Thursday, March 31, 2016

A visit to Canberra

Shane and I spent most of the Easter break in Canberra. The primary focus of our stay was an exhibition of 130 works by renowned Australian painter Tom Roberts, mounted by the National Gallery of Australia. One of this country’s finest artists, Roberts (1856-1931) was a member of the legendary group of Australian Impressionists known as the Heidelberg School.

The show opened in early December and attracted record-breaking visitor numbers throughout its run. It ended on Easter Monday, but numerous works can still be viewed on the NGA website. To access the works, which are divided into key periods, go HERE and click on Gallery.

Pictured below is one of Roberts's most iconic works, Shearing the Rams, 1890, oil on canvas on composition board, 122.4 x 183.3 cm. Collection: National Gallery of Victoria:

The NGA’s extensive permanent collection was an added bonus. The following is a random, eclectic selection - a mere smidgen of the gallery's myriad treasures.

A work that never fails to enchant is Heri Dono’s Flying angels, 2006, polyester resin, clock parts, electronic components, paint, wood, cotton gauze:

Details of Flying Angels:

Catching an angel's shadow (photograph by Shane Jones):

Walking David Hockney’s A Bigger Grand Canyon, 1998, oil on 60 canvases (20.7 m 7.44 m overall). Photo by Shane Jones:

Below: plunging into Hockney’s A Diver, 1978 (AKA A Diver, Paper Pool 17) paper pulp (12 panels) Sheets: 91.4 x 71.1 cm; Overall: 182.8 x 434.3 cm. Photo credit: Shane Jones.

We were delighted to see so many of Hockney’s works on display. Below, Shane views An image of Gregory, 1984-86 and Caribbean tea time, 1987. To his left is Roy Lichtenstein’s Nude with blue hair from the Nudes series, 1994:

Three works by David Hockney. Left: An image of Gregory, 1984-86, from the Moving focus series, lithograph, screenprint, collage, hand painted frame. Right: Caribbean tea time, 1987, folding screen from the Moving focus series 1984-87, lithograph, screen print, stencil, collage, paint, plastic and wood. Right: An image of Celia, 1984-86, from the Moving focus series, lithograph, screenprint, collage, hand painted frame:

An artist I’ve long admired is Annette Messager. This is Mes voeux (My vows) 1989, gelatin silver photographs, coloured pencil on paper, string. The images of body fragments reference ex-votive offerings:

Another commanding lense-based work is Christian Boltanski’s haunting Pourim reserve, 1989, gelatin silver photographs, tin biscuit boxes, wall lights:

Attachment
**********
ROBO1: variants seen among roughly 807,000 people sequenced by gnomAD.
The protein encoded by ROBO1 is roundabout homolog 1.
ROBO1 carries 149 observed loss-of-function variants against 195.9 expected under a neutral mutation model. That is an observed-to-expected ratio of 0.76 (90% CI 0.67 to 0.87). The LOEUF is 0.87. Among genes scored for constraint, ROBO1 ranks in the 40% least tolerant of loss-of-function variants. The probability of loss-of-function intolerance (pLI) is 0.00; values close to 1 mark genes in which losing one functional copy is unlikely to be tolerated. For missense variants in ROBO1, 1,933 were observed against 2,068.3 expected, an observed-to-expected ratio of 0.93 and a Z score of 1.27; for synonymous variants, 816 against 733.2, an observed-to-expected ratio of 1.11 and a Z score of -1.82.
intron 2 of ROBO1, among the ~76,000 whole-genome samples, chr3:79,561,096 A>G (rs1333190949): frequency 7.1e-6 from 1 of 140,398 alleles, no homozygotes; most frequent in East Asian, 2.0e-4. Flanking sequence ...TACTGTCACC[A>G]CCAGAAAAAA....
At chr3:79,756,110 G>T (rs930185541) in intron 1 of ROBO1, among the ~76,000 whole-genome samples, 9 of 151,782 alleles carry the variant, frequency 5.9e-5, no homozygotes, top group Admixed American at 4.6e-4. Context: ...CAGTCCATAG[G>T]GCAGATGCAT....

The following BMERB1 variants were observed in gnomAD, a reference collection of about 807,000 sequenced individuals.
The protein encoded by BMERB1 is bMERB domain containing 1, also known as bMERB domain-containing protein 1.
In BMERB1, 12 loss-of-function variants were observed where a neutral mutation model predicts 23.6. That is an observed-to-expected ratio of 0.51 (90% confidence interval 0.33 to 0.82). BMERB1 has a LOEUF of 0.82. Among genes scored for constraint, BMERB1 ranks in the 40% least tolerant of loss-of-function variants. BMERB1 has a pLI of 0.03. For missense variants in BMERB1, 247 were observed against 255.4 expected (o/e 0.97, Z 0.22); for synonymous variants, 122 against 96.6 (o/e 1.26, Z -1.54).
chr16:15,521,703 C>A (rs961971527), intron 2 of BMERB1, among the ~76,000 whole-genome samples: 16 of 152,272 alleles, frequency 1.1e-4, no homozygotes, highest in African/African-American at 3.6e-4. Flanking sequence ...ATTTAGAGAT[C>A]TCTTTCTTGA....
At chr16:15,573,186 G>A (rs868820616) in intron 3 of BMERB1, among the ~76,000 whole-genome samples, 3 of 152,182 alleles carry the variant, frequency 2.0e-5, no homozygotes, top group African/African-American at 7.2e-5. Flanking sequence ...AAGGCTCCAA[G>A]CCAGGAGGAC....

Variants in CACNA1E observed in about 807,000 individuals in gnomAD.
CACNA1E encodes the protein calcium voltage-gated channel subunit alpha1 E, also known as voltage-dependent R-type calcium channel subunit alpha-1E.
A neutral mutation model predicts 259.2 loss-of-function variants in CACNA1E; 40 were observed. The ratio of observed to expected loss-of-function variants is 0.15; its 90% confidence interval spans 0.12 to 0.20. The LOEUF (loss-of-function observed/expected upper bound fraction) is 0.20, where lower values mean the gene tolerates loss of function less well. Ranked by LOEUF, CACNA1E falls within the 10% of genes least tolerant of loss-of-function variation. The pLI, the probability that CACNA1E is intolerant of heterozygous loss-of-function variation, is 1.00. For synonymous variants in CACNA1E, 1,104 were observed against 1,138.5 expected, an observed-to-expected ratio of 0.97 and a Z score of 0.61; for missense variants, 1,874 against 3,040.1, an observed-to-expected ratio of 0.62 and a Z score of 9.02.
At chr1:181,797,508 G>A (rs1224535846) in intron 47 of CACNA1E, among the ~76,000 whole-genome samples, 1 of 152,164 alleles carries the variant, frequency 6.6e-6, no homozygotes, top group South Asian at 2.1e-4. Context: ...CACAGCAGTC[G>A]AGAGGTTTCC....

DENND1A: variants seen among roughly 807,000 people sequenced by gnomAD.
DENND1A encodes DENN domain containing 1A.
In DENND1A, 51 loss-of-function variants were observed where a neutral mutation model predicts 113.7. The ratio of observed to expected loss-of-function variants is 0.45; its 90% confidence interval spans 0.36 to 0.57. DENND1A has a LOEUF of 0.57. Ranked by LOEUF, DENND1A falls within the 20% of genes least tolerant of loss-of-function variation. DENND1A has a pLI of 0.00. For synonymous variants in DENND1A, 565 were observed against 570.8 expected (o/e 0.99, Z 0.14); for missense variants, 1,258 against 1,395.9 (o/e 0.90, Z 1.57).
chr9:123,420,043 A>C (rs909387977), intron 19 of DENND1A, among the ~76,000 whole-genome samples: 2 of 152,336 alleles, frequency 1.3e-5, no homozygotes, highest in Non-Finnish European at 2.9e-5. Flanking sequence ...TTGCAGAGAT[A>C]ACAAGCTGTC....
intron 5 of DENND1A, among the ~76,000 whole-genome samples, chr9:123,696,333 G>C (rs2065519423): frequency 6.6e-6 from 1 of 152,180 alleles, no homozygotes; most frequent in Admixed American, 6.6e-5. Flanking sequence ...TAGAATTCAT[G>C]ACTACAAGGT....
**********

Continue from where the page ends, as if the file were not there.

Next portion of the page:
Like Heri Dono, Tina Modotti recognises the power of puppetry as a conveyer of social and political narratives. Pictured below is her Hands of marionette player, Mexico, 1926, gelatin silver photograph:

Unknown artist: Comb (Kerem Seker) c. 19th century, from the Torres Strait Islands, Queensland:

Yessie Mosby, Kulkalgal Ya people: Dhoeri (Initiate) Masig (Yorke Island) Torres Strait Islands, Queensland. (2010, bamboo cane, twine, natural earth pigment, goose, cockatoo and cassowary feathers):

Yessie Mosby, Kulkalgal Ya people: Dhoeri (Priest) Masig (Yorke Island) Torres Strait Islands, Queensland. (2010, bamboo cane, twine, natural earth pigment, goose, cockatoo and cassowary feathers):

The NGA’s Pacific art collection mainly comes from Melanesia (New Guinea, Vanuatu New Caledonia and the Solomon Islands). The objects in the space below are of deep cultural significance. Many contain ancestors and bush spirits and once provided a magical connection between the living and the dead.

Viewed from above, Shane studies the intricately carved Ancestor pole (bisj) c. 1960s, wood, ochres and bast, originating from the Omandesep, Asmat people of Papua, Indonesia (foreground right):

Friday, March 25, 2016

Easter Greetings

An Easter egg from Deborah Klein's Art Blog

Happy Easter, everyone.

Tuesday, March 22, 2016


As recent visitors to this blog will be aware, several of my Homo-insecta watercolours were lately part of the group exhibition Modern Myth at Counihan Gallery In Brunswick, which ran from 5 February - 6 March. Its visionary curator was Dominica Vavala, who was also a participating artist.

At Domenica’s behest, photographer Tim Gresham took a number of installation views; however, I’ve only recently got around to collecting them from him. Although it’s somewhat after the event, I’m posting a selection of them now, mainly for the benefit of those who couldn’t make the show, but also as a personal memento of an exhibiting experience I'll always look back on with unreserved pleasure.

To learn more about the works reproduced below, I recommend the wonderful opening address by Modern Myth artist Jazmina Cininas which was reproduced in my Blog Post Modern Myth Floor Talks on Wednesday, February 17. To read it, click HERE and scroll down.